And while it may seem as if the hazy IPA has become the dominant American beer style, the classic IPA still rakes in the largest market share of beers sold across the country. In 2021, American IPAs took up more than 20% of the total market share for craft beer—higher than any other style and more than twice as much as hazy IPAs.
So did the West Coast IPA style really ever fall completely out of favor? Not likely, according to market data.
Highest Rated West Coast IPAs
While West Coast IPAs are coming back in vogue across the U.S., it should be unsurprising that many of the highest-rated beers in the style come from, well, the West Coast. Here are a few highly-rated examples of the style:
Firestone Walker Brewing Company Union Jack IPA
California’s Firestone Walker Brewing Company packs as many hops as they can into this beer. Hopped during the boil, then dry hopped, then dry hopped AGAIN, this beer features a mix of Cascade, Centennial, Simco, Citra, Amarillo, Chinook and CTZ hops. This extremely generous hop content produces pronounced (but balanced) grapefruit flavors with pine and citrus aromas.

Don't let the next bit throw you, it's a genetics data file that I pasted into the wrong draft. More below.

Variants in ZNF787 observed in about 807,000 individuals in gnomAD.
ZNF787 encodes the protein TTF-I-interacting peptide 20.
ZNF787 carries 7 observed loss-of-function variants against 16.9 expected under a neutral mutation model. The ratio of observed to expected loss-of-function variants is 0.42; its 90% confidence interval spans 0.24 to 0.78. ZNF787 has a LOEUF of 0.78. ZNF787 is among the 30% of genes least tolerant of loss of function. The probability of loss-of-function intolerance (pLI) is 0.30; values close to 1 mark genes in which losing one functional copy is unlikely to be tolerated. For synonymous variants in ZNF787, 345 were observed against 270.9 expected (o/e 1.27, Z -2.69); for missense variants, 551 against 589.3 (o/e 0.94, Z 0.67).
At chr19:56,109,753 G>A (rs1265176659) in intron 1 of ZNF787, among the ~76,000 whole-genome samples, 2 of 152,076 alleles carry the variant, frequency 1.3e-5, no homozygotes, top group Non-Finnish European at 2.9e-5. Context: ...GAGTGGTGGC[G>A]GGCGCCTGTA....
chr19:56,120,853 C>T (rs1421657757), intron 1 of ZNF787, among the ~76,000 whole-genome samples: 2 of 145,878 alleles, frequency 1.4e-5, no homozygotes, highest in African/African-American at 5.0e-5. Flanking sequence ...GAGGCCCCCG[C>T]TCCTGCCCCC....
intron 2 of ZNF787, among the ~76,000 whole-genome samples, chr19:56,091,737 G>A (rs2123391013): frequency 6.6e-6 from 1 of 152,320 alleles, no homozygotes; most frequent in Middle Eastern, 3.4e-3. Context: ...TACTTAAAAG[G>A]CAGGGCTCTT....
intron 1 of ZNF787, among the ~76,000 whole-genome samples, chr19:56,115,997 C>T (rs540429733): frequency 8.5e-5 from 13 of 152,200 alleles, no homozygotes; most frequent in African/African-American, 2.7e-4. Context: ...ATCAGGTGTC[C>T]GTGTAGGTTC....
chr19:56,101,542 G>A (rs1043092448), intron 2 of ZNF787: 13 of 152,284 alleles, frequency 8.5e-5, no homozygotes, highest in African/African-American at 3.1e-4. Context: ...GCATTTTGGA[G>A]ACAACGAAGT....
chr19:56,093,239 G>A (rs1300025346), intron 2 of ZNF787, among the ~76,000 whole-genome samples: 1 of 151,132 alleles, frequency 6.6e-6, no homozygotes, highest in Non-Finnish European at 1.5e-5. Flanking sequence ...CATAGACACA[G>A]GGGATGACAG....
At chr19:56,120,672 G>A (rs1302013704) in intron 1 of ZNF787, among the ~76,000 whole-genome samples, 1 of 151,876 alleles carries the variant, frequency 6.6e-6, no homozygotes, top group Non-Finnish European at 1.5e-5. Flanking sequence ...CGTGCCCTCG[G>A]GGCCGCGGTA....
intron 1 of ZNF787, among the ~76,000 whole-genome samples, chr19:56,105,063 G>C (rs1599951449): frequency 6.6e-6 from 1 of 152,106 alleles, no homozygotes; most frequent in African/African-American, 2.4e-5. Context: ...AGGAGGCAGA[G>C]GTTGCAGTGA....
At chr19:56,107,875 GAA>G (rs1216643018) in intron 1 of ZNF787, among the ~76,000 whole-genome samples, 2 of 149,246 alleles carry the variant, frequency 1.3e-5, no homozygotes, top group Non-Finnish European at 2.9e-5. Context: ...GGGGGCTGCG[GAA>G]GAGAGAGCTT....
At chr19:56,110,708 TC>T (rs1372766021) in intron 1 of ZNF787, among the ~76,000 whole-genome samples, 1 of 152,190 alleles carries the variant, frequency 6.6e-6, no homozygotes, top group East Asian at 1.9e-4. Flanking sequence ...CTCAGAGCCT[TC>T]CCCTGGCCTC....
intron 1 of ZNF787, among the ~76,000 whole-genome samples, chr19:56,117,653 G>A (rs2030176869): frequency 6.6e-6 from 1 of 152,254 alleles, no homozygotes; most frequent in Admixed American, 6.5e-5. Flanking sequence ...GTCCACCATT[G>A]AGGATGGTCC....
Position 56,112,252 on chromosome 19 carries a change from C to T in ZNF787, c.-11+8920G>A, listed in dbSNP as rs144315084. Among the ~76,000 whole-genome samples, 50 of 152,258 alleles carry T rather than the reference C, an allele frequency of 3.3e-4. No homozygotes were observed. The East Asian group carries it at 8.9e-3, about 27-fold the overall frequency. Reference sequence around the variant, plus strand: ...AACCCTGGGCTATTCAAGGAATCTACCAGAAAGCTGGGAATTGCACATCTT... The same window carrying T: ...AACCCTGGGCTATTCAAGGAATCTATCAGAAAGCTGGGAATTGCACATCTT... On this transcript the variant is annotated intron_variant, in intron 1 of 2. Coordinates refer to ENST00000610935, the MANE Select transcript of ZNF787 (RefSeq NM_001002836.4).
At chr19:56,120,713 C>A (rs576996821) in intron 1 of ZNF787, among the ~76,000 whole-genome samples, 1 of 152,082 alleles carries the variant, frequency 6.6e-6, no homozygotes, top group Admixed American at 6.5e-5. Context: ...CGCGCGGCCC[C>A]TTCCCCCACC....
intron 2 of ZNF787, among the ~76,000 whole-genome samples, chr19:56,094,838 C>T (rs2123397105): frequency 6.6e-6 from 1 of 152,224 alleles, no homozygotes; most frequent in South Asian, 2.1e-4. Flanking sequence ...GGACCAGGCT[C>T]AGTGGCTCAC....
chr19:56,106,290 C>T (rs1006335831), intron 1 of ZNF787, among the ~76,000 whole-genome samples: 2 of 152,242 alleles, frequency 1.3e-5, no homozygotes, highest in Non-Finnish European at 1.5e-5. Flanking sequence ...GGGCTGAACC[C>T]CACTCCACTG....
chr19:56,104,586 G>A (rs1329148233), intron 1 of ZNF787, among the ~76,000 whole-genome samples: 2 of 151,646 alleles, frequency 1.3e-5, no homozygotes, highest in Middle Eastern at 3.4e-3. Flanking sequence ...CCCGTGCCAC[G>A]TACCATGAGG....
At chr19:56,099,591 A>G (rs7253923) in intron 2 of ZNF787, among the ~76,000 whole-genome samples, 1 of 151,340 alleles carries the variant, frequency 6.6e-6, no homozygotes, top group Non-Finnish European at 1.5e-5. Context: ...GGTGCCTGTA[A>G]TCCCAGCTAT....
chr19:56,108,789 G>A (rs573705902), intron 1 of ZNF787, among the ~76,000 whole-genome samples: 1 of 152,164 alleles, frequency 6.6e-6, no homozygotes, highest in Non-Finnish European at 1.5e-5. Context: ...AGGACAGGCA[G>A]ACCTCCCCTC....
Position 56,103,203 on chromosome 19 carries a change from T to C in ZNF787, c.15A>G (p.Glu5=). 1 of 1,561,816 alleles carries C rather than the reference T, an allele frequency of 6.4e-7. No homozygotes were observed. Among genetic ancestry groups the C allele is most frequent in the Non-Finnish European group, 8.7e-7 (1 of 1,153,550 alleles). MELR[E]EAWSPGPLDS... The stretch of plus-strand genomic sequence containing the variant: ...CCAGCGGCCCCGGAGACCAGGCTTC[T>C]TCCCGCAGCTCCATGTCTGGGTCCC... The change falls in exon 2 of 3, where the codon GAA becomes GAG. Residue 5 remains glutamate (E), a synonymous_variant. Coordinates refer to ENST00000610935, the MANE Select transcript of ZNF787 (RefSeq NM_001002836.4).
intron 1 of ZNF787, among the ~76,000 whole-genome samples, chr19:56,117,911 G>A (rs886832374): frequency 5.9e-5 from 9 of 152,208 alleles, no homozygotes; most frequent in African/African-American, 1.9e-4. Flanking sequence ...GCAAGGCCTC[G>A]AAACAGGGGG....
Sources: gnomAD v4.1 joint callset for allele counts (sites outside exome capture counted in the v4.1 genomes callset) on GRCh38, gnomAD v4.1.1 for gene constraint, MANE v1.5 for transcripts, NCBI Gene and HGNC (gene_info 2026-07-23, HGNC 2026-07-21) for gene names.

Societe Brewing Company The Pupil
One of BeerAdvocate’s highest-rated American IPAs, Societe Brewing Company’s The Pupil IPA is a great example of the West Coast IPA style. The beer’s crisp and dry finish help accentuate the hop profile, which generates tropical aromas and grapefruit zest flavors on the palate.
Green Flash Brewing Co. West Coast IPA
Green Flash Brewing Co.’s flagship beer is one of the earliest and most notable examples of the West Coast IPA style, and the beer continues to stand as an exemplary standard for the style. Brewed with a blend of five different hops, the West Coast IPA jumps out of the bottle with bold grapefruit and resin flavors.
Russian River Brewing Co. Pliny the Elder
This highly sought-after beer is actually classified as an imperial IPA, but it would be negligent to fail to list Pliny the Elder among some of the best West Coast IPAs available. Every year, Russian River Brewing Co. releases Pliny the Elder in small batches, attracting craft beer enthusiasts from all corners of the country to California to snag a bottle. This expertly-balanced IPA is brewed with Amarillo, Centennial, CTZ, and Simcoe hops, and the fresh hops give the beer strong pine and citrus aromas.